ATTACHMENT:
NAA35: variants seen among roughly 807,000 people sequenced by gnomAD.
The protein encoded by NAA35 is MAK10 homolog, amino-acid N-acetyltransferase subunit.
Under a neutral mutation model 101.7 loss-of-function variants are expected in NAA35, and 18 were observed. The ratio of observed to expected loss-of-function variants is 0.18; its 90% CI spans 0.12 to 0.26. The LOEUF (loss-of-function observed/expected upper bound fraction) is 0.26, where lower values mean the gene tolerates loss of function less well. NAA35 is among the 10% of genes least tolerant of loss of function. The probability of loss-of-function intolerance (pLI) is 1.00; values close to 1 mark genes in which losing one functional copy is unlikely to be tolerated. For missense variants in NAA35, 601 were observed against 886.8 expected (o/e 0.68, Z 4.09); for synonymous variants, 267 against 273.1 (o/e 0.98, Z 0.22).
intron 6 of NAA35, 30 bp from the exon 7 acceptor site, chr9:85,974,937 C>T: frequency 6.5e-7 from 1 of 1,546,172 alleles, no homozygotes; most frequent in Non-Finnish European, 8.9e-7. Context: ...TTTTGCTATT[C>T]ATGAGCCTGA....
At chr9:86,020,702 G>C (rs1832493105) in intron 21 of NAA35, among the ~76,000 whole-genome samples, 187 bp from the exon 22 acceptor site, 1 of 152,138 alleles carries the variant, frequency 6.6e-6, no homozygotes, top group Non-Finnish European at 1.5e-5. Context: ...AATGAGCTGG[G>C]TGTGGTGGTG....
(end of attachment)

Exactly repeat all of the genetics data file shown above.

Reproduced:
NAA35: variants seen among roughly 807,000 people sequenced by gnomAD.
The protein encoded by NAA35 is MAK10 homolog, amino-acid N-acetyltransferase subunit.
Under a neutral mutation model 101.7 loss-of-function variants are expected in NAA35, and 18 were observed. The ratio of observed to expected loss-of-function variants is 0.18; its 90% CI spans 0.12 to 0.26. The LOEUF (loss-of-function observed/expected upper bound fraction) is 0.26, where lower values mean the gene tolerates loss of function less well. NAA35 is among the 10% of genes least tolerant of loss of function. The probability of loss-of-function intolerance (pLI) is 1.00; values close to 1 mark genes in which losing one functional copy is unlikely to be tolerated. For missense variants in NAA35, 601 were observed against 886.8 expected (o/e 0.68, Z 4.09); for synonymous variants, 267 against 273.1 (o/e 0.98, Z 0.22).
intron 6 of NAA35, 30 bp from the exon 7 acceptor site, chr9:85,974,937 C>T: frequency 6.5e-7 from 1 of 1,546,172 alleles, no homozygotes; most frequent in Non-Finnish European, 8.9e-7. Context: ...TTTTGCTATT[C>T]ATGAGCCTGA....
At chr9:86,020,702 G>C (rs1832493105) in intron 21 of NAA35, among the ~76,000 whole-genome samples, 187 bp from the exon 22 acceptor site, 1 of 152,138 alleles carries the variant, frequency 6.6e-6, no homozygotes, top group Non-Finnish European at 1.5e-5. Context: ...AATGAGCTGG[G>C]TGTGGTGGTG....